update kalamazoo community foundation | spring 2019
local police cadets engage in racial healing TRHT KALAMAZOO HOSTS UNIQUE LEARNING OPPORTUNITY FOR CADETS page 6
Strengthening communities by connecting resources As we celebrate Women’s History Month in March, I have been reflecting on the many ways women in Kalamazoo County have contributed to strengthening our community through connecting. There are many examples of how women uniquely build relationships and connect resources here in Kalamazoo such as giving circles, social groups, collaboratives and more. Here at the Kalamazoo Community Foundation, we have the privilege
Carrie Pickett-Erway President/CEO
of strengthening our community through connecting with local individuals and organizations working on the same focus. More specifically, the goal of making Kalamazoo County the most equitable place to live by removing barriers that prevent people from reaching their full potential. One powerful example of a partnership is the Women’s Education Coalition, a grant program celebrating its 25th anniversary this year. This program, created by four local groups, is a demonstration of a lasting gift to this community that will support women in attaining education after a significant break in their formal education. Read more about the impact of this program on page 4. Overall, I would like to invite you to reflect with me about the connections that you have enriched and strengthened in our community and ways we can continue bringing our resources together to make an impact. If you, a friend or family member, are looking for an opportunity to strengthen our community by sharing your time and talent, please consider joining us at Find Your Cause on April 11 at Girl Scouts Heart of Michigan to connect with local nonprofits and find volunteer opportunities that fit your interests. Find more about the event on the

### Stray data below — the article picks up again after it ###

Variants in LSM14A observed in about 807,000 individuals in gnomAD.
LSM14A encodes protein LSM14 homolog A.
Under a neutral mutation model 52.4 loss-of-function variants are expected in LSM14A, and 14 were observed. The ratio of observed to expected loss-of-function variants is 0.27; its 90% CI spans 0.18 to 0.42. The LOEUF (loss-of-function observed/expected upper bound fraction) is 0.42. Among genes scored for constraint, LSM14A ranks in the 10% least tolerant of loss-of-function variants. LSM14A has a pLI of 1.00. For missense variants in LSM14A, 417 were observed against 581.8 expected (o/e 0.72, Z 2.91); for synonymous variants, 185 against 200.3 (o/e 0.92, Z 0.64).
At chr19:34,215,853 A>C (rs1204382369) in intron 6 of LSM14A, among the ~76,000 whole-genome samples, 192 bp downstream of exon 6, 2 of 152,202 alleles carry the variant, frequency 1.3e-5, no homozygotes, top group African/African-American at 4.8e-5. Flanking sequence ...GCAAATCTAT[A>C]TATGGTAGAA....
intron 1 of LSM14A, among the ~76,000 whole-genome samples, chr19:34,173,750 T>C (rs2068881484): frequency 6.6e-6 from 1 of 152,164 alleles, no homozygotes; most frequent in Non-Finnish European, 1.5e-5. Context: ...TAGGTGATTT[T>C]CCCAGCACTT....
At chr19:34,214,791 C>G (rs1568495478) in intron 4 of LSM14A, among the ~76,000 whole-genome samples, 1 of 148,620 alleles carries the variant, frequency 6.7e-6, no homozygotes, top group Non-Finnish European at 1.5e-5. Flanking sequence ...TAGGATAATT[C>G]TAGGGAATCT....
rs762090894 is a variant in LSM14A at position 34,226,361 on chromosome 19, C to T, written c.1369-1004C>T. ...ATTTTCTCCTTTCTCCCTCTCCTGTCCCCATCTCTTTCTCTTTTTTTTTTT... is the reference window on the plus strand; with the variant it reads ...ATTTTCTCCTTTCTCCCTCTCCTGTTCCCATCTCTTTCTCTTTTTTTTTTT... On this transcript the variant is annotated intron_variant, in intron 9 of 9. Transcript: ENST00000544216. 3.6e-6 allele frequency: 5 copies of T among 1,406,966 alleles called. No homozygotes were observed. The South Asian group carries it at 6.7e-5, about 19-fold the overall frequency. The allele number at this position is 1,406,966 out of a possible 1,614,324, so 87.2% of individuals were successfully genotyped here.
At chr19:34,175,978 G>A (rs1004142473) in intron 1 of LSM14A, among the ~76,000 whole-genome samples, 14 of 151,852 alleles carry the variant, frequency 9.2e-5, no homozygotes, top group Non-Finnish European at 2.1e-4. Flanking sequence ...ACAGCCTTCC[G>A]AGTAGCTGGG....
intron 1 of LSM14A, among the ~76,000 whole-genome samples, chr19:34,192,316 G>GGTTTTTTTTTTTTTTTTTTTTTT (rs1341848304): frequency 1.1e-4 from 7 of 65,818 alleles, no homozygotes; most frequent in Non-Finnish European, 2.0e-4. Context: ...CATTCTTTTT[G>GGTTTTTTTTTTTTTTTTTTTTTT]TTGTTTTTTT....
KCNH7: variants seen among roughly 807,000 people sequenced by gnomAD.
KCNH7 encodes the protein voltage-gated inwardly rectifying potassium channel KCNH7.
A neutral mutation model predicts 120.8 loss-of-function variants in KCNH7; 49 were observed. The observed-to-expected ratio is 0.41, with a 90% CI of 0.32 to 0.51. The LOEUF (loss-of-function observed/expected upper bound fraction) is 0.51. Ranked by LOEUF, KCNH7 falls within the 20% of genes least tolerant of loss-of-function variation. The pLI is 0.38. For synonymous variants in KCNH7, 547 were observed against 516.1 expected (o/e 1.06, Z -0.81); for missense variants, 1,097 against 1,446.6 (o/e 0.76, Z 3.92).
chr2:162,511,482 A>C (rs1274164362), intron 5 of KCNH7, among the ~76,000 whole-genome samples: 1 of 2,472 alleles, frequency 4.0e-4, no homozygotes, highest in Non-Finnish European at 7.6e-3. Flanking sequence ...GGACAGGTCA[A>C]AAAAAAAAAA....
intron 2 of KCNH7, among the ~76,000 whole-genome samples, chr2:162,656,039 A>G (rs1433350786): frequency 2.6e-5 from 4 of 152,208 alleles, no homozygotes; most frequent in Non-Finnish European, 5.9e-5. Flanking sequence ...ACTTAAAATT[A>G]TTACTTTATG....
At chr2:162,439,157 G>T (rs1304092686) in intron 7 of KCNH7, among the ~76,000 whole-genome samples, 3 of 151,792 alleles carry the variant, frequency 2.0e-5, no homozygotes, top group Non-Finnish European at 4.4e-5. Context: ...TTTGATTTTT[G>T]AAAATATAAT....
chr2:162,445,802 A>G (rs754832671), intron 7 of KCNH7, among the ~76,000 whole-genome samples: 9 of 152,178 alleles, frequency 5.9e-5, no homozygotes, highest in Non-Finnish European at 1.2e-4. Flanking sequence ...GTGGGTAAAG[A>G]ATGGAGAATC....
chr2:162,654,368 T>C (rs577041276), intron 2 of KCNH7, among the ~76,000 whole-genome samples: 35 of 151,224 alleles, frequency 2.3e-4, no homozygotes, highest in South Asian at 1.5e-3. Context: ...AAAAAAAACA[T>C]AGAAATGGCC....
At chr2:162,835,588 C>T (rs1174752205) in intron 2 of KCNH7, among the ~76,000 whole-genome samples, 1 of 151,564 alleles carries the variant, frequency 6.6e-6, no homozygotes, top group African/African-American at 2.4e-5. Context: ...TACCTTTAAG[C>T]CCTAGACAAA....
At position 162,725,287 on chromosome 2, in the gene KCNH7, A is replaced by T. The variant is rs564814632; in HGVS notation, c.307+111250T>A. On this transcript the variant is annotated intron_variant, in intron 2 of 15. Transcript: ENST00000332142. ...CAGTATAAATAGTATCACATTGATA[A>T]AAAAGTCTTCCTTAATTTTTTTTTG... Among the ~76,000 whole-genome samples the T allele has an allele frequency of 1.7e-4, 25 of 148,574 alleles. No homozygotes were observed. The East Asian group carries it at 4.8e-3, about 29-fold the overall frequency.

UPDATE is a newsletter published three times a year by the Kalamazoo Community Foundation. MARKETING COMMUNICATIONS TEAM Sarah Lee, Director Jordan Duckens, Communications Officer Tom Vance, Communications Officer CROSS-FUNCTIONAL EDITORIAL TEAM Sandy Barry-Loken Sue Bos Joanna Donnelly Dales Kururama Sánchez LAYOUT & DESIGN Ashley Stark
back cover of this issue! QUESTIONS OR COMMENTS? Please email Sarah Lee at firstname.lastname@example.org.
• Give online at kalfound.org/give-now
• Kalamazoo County 501(C)(3) nonprofits
• Mail a check directly to KZCF
• Scholarships for college
2 KALAMAZOO COMMUNITY FOUNDATION
What your professional advisors should know We are in the throes of tax season.
Share your ideas
Whether you have been talking to your Professional
Come with an idea and your
Advisor (PA) about charitable gifts for years or
advisor can provide guidance.
you recently began considering your relationship to philanthropy, it is always a good time to have a conversation with your PA about giving. Here are some tips to help you talk to your PA about
“It’s easier when I can see how much a client has given historically,” Gallagher says.
philanthropy that fits you.
Be proactive Many people may be interested in charitable giving, but do not always initiate the conversation with their PA. “We often don’t see clients until tax planning season
“However, if you haven’t
“When it comes to
made charitable gifts in
complex gifts, Nelson encourages clients to use a team approach to achieve their
and December,” says Teresa Nelson, a Certified Public Accountant (CPA) at Siegfried, Crandall, PC. “If you’re making a major gift, be sure to get a PA involved in the
to communicate your interest. From there, your advisor can walk you through your options.” One way Nelson gets to
begins in November
the past, don’t hesitate
the heart of a client’s goal is by asking: “What problem would you want to address
if money were no object?” This question reveals where clients are truly interested in directing their resources.
process early.” Erin Gallagher, managing partner at Seber Tans, PLC,
Make philanthropy a family affair
says, “You should always be calling and always be
It is also helpful for your PA to know if other members
proactive, but normally it’s better to start having the
of your family are interested in giving. Nelson suggests
conversation at the beginning of one year so you have
families get kids involved in philanthropy early. Getting
the rest of the year to plan.”